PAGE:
As charities increasingly use social-networking sites like Facebook and Twitter to raise money, state regulators are looking for ways to make sure that con artists aren’t using these sites to prey on unsuspecting donors.
At this year’s annual meeting of the National Association of State Charity Officials, social media will be a hot topic.
While most of the conference, to be held in a Washington suburb, will be conducted behind closed doors, social media will be discussed in two sessions on October 3 in an all-day event open to the public.
During one session, Bob Carlson, assistant attorney general in Missouri and the president of the charity regulators’ group, will to discuss legal implications of charity efforts on social networks, along with Jeremy Sher, president of Grassroots Giving Group, a company that advises charities on social-network fund raising.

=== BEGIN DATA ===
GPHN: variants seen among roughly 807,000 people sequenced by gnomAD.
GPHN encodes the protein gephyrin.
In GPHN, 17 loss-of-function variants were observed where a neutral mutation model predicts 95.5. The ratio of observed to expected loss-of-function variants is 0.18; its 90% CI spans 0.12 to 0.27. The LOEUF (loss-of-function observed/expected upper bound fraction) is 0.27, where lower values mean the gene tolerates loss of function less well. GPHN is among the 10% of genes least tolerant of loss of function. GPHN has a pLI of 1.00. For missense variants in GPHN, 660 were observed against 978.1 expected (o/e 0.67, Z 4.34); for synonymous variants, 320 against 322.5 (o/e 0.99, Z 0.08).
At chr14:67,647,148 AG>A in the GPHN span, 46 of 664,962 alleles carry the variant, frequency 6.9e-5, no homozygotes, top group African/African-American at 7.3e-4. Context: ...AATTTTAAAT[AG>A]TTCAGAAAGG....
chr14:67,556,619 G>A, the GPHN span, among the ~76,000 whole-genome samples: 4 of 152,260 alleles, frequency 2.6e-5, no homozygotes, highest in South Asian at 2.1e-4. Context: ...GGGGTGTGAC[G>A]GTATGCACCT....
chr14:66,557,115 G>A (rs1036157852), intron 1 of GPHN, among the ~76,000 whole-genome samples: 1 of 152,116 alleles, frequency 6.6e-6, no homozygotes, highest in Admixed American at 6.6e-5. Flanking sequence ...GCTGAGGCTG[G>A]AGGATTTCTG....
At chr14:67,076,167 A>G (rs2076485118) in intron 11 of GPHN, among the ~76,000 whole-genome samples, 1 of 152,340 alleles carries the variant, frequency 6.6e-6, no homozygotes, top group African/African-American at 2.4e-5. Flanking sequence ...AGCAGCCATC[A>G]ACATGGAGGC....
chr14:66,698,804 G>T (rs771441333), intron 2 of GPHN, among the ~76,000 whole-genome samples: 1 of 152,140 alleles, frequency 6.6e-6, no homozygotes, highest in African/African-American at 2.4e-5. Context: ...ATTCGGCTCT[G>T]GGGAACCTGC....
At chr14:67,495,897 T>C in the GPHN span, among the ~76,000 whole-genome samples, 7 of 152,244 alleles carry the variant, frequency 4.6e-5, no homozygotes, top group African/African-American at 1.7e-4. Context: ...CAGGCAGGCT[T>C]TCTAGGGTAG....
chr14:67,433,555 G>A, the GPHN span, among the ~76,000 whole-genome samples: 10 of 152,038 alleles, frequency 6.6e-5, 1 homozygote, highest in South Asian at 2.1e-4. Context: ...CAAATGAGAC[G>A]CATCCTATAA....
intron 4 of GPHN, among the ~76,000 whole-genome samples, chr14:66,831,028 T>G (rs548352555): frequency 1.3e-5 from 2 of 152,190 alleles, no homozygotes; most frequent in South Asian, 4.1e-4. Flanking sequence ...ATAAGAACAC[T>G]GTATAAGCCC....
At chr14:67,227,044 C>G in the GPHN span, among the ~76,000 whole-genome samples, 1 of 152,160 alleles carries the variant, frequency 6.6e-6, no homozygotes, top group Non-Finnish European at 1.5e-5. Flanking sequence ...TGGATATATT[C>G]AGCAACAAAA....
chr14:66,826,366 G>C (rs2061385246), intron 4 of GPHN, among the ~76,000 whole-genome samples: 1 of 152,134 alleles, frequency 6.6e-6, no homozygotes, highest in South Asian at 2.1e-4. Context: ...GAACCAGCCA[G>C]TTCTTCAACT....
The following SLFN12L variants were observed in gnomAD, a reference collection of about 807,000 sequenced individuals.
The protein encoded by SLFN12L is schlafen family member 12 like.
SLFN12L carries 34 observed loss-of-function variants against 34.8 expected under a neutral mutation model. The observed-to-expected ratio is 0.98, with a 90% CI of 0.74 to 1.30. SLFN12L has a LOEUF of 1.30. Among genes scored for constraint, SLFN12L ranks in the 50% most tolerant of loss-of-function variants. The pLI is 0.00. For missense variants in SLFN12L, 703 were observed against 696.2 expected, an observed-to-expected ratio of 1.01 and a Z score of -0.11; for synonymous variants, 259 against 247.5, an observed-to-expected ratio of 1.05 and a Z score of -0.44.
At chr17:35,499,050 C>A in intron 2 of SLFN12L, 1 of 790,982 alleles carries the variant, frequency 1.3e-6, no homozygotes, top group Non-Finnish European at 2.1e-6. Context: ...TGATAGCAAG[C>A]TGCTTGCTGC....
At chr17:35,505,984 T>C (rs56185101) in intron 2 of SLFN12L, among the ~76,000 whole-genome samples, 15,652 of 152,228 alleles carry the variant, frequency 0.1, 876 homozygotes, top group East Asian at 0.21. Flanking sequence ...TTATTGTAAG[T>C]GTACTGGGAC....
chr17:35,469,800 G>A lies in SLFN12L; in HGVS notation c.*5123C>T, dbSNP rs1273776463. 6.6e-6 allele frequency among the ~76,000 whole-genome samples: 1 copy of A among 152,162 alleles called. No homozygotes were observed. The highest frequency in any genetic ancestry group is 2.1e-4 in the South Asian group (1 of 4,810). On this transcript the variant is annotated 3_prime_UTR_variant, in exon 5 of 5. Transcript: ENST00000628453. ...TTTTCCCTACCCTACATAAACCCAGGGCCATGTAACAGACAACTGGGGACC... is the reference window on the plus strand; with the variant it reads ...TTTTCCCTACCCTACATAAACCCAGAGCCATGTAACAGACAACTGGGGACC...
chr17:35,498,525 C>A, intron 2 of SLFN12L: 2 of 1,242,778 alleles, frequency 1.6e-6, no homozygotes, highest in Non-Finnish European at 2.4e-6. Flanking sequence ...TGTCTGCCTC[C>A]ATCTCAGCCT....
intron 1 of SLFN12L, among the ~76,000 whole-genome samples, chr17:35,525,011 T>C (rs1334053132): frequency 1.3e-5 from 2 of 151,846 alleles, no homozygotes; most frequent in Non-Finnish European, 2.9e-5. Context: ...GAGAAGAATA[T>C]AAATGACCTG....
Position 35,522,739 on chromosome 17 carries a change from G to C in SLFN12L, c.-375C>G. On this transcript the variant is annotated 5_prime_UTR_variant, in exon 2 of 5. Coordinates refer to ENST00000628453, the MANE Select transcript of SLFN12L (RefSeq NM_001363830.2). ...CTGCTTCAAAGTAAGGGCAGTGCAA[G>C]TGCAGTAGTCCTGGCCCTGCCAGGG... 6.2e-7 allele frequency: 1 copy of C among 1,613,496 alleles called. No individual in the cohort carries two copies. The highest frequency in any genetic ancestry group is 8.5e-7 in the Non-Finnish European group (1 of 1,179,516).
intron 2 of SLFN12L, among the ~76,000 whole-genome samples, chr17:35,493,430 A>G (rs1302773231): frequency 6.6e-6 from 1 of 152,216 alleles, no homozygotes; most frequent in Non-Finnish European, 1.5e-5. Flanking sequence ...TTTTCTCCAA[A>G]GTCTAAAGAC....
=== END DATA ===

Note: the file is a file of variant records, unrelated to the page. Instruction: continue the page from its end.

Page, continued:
In addition, Tracy Thorleifson, a lawyer at the Federal Trade Commission, and Bennett Weiner, chief operating officer of the BBB Wise Giving Alliance, will outline ways to educate social media donors.
Social media, however, isn’t the only issue on the minds of regulators. The rest of the agenda for the conference’s public day includes discussions about:
- Governance of nonprofits
- Privacy issues
- International solicitation
- Alternative legal structures for organizations that do good, such as low-profit, limited liability corporations